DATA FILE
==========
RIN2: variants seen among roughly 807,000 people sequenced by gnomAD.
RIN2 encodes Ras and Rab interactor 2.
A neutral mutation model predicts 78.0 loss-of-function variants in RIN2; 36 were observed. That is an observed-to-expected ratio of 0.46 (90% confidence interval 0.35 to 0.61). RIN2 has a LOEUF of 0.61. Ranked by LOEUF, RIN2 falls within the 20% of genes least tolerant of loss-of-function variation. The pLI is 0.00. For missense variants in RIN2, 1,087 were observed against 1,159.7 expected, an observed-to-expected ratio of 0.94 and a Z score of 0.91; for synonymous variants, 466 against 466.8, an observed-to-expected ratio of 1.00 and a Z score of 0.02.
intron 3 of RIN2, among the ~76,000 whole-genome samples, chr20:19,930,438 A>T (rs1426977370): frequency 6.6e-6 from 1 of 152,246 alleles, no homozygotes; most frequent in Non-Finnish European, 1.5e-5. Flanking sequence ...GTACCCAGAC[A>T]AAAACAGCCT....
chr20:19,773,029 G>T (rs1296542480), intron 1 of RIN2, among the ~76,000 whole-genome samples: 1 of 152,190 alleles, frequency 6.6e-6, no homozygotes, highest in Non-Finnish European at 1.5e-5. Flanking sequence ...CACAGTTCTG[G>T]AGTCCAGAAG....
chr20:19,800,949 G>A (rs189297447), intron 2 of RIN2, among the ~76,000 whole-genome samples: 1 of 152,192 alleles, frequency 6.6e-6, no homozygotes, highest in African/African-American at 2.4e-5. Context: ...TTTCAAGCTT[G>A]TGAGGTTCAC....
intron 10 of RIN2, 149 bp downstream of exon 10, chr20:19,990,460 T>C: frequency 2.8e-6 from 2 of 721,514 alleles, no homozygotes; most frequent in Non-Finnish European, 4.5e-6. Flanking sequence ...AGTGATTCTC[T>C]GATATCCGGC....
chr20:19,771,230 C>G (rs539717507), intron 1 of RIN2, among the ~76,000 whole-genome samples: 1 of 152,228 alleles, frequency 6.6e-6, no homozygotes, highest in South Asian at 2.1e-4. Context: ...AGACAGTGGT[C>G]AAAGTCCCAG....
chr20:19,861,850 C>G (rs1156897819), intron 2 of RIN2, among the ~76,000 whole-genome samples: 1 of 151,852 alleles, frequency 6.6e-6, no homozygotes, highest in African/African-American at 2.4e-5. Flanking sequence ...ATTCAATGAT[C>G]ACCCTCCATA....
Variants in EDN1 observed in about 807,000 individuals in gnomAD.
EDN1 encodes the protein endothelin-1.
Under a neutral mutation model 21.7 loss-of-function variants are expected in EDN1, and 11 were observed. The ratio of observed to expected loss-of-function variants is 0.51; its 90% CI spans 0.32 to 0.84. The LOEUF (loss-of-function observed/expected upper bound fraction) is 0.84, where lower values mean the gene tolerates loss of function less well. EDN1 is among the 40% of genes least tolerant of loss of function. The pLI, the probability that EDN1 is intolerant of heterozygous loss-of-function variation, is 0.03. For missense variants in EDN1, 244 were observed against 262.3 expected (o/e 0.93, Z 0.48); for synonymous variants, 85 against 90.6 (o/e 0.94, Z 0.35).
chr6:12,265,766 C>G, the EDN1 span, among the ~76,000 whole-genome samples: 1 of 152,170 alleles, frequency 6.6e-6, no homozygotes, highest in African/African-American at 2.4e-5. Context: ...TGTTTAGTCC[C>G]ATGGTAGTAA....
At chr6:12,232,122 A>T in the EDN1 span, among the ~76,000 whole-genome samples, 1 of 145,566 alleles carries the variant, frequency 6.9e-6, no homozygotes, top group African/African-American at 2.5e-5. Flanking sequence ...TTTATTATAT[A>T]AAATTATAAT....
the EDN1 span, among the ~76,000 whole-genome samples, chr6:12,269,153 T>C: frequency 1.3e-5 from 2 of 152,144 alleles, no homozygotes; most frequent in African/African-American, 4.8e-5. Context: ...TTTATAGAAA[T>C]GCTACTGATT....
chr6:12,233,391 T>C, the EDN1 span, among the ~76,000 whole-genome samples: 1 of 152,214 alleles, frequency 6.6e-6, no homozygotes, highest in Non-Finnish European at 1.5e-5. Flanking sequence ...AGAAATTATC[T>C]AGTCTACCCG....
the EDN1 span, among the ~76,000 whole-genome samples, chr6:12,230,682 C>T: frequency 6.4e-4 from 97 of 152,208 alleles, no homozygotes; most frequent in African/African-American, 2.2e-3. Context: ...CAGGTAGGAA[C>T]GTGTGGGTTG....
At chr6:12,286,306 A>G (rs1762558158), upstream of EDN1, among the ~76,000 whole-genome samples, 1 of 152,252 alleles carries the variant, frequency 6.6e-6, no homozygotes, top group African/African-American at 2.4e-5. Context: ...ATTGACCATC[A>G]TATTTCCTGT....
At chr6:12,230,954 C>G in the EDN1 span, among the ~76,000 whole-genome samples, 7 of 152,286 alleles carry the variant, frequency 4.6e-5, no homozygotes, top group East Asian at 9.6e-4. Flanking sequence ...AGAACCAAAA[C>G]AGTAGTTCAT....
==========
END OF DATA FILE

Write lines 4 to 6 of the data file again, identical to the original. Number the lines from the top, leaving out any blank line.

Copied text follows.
intron 3 of RIN2, among the ~76,000 whole-genome samples, chr20:19,930,438 A>T (rs1426977370): frequency 6.6e-6 from 1 of 152,246 alleles, no homozygotes; most frequent in Non-Finnish European, 1.5e-5. Flanking sequence ...GTACCCAGAC[A>T]AAAACAGCCT....
chr20:19,773,029 G>T (rs1296542480), intron 1 of RIN2, among the ~76,000 whole-genome samples: 1 of 152,190 alleles, frequency 6.6e-6, no homozygotes, highest in Non-Finnish European at 1.5e-5. Flanking sequence ...CACAGTTCTG[G>T]AGTCCAGAAG....
chr20:19,800,949 G>A (rs189297447), intron 2 of RIN2, among the ~76,000 whole-genome samples: 1 of 152,192 alleles, frequency 6.6e-6, no homozygotes, highest in African/African-American at 2.4e-5. Context: ...TTTCAAGCTT[G>A]TGAGGTTCAC....